But that doesn't mean you can't have fire on Mars. Our friend Eric Muller, a teacher at the Exploratorium, can make a fire that burns quite well in a carbon dioxide atmosphere. Eric takes two slabs of dry ice and carves a hemispherical hollow in the center of one block. He fills the hollow with powdered magnesium, lights the magnesium, and puts the second flat block over the first. A bright glow shines through the dry ice blocks for a long time as the magnesium cheerfully burns in the carbon dioxide atmosphere.

When the fire goes out, a quick look into the center of the dry ice blocks reveals a collection of black carbon and white magnesium oxide. The burning magnesium rips oxygen from the carbon dioxide in order to burn, leaving carbon behind.

There is an important life-lesson here for Earthlings: never try to put out a metal fire with a carbon dioxide fire extinguisher. If you do, you'll be spraying oxidizer onto the burning metal.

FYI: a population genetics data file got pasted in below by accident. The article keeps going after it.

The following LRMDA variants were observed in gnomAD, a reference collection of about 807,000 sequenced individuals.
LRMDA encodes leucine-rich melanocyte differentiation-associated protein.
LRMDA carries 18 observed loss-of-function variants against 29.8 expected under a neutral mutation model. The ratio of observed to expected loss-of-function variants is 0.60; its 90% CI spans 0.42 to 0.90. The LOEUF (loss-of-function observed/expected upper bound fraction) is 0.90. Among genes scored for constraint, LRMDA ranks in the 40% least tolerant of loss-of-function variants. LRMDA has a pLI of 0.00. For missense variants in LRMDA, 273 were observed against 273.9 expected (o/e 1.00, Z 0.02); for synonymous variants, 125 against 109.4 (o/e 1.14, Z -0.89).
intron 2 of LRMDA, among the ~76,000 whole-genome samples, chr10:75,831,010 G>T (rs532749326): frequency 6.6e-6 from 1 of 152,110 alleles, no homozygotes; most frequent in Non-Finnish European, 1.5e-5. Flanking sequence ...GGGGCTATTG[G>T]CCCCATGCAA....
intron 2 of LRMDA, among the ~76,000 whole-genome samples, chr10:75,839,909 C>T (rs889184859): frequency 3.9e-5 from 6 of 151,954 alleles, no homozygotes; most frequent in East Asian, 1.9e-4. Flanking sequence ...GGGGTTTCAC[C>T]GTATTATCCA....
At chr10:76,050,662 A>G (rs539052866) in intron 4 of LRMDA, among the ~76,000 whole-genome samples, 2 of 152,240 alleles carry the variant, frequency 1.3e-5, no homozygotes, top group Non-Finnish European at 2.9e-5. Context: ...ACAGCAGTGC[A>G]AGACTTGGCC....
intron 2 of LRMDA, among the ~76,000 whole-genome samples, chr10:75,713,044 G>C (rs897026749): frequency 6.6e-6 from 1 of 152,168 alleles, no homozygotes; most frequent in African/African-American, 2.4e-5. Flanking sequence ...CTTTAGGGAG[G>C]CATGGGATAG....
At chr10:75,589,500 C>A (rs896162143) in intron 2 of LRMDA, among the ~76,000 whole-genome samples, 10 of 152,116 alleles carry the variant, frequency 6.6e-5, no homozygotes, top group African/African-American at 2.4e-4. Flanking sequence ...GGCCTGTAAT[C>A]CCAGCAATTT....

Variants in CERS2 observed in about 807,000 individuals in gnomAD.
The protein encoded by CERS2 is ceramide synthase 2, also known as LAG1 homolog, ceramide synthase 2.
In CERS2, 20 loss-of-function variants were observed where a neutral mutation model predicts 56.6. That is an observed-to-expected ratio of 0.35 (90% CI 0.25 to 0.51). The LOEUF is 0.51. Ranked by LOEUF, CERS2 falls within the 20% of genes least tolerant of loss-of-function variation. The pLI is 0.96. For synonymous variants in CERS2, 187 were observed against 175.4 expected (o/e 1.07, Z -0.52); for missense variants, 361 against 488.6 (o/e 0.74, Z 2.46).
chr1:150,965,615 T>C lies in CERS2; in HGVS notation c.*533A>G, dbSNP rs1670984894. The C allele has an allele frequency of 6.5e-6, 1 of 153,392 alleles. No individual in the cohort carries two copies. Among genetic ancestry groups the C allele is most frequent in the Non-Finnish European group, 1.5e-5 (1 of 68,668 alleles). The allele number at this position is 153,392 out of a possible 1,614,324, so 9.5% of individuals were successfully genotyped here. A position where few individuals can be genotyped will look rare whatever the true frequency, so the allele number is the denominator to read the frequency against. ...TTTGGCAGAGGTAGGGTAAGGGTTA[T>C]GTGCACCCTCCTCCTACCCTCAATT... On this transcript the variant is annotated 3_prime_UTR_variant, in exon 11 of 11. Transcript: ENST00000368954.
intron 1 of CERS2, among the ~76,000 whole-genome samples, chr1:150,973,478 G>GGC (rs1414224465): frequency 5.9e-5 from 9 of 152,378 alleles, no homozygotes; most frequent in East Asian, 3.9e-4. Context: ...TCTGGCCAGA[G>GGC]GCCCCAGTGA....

The lesson for anyone camping on Mars is simple: if you want to make a campfire, don't forget to bring along some magnesium logs.

LISTENING TO MARS

We have a vacuum chamber at the Exploratorium, which allows us to reduce the pressure inside the chamber to Martian atmospheric pressure. We put a tape player and a tape recorder into the chamber at Earth pressure and then pump the chamber down to Martian surface pressure, which is only about one percent of the pressure on Earth. (Meteorologists call this pressure ten millibars.)